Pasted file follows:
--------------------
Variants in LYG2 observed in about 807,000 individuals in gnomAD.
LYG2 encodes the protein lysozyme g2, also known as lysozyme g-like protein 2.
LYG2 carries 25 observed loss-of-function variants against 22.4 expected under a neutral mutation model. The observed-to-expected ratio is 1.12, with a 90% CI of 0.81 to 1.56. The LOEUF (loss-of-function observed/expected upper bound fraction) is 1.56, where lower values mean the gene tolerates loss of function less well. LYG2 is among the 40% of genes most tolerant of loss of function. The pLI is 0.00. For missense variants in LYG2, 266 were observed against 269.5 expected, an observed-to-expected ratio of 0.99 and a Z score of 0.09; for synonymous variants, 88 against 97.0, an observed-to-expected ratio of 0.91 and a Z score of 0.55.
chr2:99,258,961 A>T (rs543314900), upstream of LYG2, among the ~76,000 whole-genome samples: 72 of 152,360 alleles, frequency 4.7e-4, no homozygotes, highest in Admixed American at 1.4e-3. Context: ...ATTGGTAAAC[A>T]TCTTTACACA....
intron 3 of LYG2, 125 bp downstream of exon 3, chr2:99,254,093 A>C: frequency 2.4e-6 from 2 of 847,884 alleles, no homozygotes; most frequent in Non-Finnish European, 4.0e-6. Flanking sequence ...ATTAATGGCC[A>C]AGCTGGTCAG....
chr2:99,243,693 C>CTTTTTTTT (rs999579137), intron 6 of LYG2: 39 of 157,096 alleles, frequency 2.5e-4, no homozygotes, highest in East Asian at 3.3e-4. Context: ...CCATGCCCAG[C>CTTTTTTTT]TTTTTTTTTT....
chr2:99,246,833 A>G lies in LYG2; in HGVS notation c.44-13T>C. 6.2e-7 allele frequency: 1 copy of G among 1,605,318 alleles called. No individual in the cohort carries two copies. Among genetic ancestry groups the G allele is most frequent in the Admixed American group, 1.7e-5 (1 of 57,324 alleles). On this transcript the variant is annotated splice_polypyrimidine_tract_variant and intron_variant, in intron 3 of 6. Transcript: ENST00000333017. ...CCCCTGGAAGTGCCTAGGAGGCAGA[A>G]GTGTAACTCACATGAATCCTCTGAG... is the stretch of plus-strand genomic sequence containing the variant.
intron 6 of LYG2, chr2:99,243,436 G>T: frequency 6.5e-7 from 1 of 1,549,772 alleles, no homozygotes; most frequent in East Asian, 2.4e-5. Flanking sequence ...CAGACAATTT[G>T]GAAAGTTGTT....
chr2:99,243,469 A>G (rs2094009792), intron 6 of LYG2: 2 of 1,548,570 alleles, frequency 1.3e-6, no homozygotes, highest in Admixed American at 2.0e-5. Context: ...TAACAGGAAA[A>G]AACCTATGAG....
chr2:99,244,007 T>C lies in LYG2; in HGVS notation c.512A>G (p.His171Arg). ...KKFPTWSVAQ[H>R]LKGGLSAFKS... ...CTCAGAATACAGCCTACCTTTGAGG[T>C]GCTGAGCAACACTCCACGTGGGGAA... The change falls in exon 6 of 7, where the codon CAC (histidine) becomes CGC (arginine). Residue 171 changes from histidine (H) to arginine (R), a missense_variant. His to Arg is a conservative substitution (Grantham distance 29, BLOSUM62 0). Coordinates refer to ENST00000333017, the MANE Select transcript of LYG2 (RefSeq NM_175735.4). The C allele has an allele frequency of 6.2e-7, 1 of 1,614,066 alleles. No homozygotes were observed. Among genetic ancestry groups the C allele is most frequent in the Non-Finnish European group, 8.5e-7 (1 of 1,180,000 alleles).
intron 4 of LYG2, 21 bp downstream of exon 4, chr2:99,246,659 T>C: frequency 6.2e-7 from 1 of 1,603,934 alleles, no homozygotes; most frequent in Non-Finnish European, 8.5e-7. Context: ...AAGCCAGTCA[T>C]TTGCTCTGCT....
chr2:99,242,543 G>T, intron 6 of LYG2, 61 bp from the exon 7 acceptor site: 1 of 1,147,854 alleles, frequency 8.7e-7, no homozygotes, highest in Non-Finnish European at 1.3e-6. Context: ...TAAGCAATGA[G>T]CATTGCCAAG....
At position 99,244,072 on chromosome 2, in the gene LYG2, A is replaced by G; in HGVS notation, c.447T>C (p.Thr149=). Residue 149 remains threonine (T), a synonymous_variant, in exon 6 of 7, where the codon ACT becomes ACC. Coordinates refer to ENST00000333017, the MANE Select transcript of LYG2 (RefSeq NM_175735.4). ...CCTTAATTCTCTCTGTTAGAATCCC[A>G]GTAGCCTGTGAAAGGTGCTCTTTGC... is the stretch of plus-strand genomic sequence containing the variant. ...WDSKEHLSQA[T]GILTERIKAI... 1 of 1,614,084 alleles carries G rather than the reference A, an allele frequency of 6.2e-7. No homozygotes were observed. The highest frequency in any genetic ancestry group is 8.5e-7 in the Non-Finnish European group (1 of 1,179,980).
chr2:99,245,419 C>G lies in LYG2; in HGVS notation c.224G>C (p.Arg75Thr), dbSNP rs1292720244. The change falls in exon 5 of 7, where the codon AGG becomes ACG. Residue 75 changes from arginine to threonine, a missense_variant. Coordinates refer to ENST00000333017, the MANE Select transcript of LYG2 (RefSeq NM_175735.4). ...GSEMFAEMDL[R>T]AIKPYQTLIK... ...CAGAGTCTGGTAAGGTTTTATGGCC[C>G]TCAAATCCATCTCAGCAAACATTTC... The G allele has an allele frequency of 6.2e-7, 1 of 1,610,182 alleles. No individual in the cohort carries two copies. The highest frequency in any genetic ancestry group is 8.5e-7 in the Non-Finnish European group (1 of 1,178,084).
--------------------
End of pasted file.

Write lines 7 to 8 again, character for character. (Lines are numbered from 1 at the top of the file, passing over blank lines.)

chr2:99,246,833 A>G lies in LYG2; in HGVS notation c.44-13T>C. 6.2e-7 allele frequency: 1 copy of G among 1,605,318 alleles called. No individual in the cohort carries two copies. Among genetic ancestry groups the G allele is most frequent in the Admixed American group, 1.7e-5 (1 of 57,324 alleles). On this transcript the variant is annotated splice_polypyrimidine_tract_variant and intron_variant, in intron 3 of 6. Transcript: ENST00000333017. ...CCCCTGGAAGTGCCTAGGAGGCAGA[A>G]GTGTAACTCACATGAATCCTCTGAG... is the stretch of plus-strand genomic sequence containing the variant.
intron 6 of LYG2, chr2:99,243,436 G>T: frequency 6.5e-7 from 1 of 1,549,772 alleles, no homozygotes; most frequent in East Asian, 2.4e-5. Flanking sequence ...CAGACAATTT[G>T]GAAAGTTGTT....